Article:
Still a few players short
There has been a lot of talk about the lack of sufficient liquidity to support the burgeoning need for commodity finance, but will the talk translate into effective means of plugging the gap, GTR editor Rebecca Spong asks.
The deleveraging seen across the European banking sector has resulted in many of the traditional players in commodity and structured commodity finance retreating from the market.
Already eager to fill this gap left by Europeans are the US banks and the Japanese banks. In late February, BNP Paribas sold Wells Fargo its North American energy portfolio.
But despite their enthusiastic entry to the market, there is still a feeling that there will be dearth of financing in the future. Oil traders have suggested recently that oil prices could reach heights of US$150 a barrel, meaning the oil industry alone will need billions of US dollars to support it.
The latest attempts to plug the liquidity gap include news that BNP Paribas is planning to launch a trade finance fund. International press reports this week that Jacques-Olivier Thomann, managing director of the French bank’s Geneva office, told delegates at conference that the bank was looking at various options aimed at creating a triple A-rated securitised trade finance asset that could bring a fresh supply of liquidity into the market.
Thomann emphasised that BNP Paribas was not the only bank looking at such options. Trading companies are also examining their options, and Trafigura via its hedge fund arm, has set up trade finance-specific fund.
Recently at a roundtable in Dubai following GTR’s annual Middle East conference, one of the participants observed how increasingly non-traditional lenders are entering the market to support the continuing demand for finance.
“Traders, however don’t stop, their businesses don’t stop, they survive on continuous trade flows and in order to thrive they have to find new ways of doing business,” he explained.
“We have been told that credit lines were and are still available from the traditional financial institutions, however the cost and access to these lines of credit became increasingly difficult and cumbersome, and compliance issues are very high.”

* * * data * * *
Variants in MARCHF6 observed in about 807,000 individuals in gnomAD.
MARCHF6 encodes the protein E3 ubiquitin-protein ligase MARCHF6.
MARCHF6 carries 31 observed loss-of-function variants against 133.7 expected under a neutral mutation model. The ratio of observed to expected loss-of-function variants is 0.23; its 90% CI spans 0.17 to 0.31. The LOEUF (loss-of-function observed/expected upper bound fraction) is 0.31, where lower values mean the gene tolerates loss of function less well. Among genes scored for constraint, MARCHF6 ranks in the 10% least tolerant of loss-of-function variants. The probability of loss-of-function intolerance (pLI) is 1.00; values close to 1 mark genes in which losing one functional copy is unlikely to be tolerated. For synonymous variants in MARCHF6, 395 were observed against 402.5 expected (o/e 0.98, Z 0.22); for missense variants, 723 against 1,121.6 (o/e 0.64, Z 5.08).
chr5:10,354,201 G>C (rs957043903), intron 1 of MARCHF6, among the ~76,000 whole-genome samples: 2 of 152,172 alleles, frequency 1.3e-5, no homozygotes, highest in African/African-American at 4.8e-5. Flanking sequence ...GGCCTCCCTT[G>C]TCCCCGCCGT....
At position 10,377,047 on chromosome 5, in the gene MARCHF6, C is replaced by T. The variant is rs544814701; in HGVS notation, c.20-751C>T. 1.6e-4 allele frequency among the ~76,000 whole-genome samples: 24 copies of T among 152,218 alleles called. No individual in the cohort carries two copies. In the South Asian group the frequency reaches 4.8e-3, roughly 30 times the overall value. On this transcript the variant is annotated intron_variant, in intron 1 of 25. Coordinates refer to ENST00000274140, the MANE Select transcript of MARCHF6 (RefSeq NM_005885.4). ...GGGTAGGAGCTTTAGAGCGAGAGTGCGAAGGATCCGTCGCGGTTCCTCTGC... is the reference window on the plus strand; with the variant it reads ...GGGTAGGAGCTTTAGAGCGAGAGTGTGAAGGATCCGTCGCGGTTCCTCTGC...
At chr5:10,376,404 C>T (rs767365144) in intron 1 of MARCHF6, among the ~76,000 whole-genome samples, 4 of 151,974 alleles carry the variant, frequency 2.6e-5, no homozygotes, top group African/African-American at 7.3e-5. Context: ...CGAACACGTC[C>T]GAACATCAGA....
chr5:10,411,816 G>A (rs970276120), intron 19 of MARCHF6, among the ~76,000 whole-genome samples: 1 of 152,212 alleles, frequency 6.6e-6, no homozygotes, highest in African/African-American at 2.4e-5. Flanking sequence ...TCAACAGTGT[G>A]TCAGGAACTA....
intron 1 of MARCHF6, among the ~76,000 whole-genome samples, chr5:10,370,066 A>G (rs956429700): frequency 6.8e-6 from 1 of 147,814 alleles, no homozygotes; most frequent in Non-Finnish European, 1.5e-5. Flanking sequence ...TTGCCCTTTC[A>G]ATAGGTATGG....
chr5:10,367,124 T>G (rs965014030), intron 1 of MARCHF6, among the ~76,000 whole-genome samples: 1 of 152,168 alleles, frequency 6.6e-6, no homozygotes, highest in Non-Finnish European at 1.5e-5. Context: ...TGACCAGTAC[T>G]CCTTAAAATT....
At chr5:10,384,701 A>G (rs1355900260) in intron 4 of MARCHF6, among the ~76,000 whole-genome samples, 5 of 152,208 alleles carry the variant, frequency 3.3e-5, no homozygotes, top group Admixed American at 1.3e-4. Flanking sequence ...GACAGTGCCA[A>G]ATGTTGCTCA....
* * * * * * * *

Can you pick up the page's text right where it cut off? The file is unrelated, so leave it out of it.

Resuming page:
He said that traders will perhaps maintain some core vanilla business with banks, but for other financing needs they are seeking out alternative sources of funding.
“I believe that there is a huge market that a lot of traditional banks are missing because they are just unable to service this market due to the constraints of their business.”
Just looking at the delegates attending the Middle East conference gives you an idea of how these non-traditional players are carving out market share. The boutique trade finance firm, Falcon Trade Corporation is looking to increase its Middle East business and is reporting ever-growing profits.
Similarly the Dubai Multi Commodities Centre (DMCC) is looking to pick up the slack left by the larger banks and launched a new electronic system that provides inventory-based financing for commodity trade flows during the week of the conference And there are many more non-traditional participants looking to carve out some market share.
The acute need for financing has been further highlighted by the results of a recent survey conducted by Norton Rose which concluded that the agri-commodities industry specifically will need a substantial level of financing to support trade flows, investment projects and acquisitions.
According to survey respondents, while traditional forms of finance, such as trade and commodity debt financing will continue to play an important role in supporting the agri-industry, many believe that sovereign wealth funds and private equity funds will play a larger role in the future.
Do you think there has been sufficient effort to boost liquidity?
Are any of the proposed new efforts to securitise trade finance assets particularly unique?
How can you make trade finance assets an attractive asset class to investors?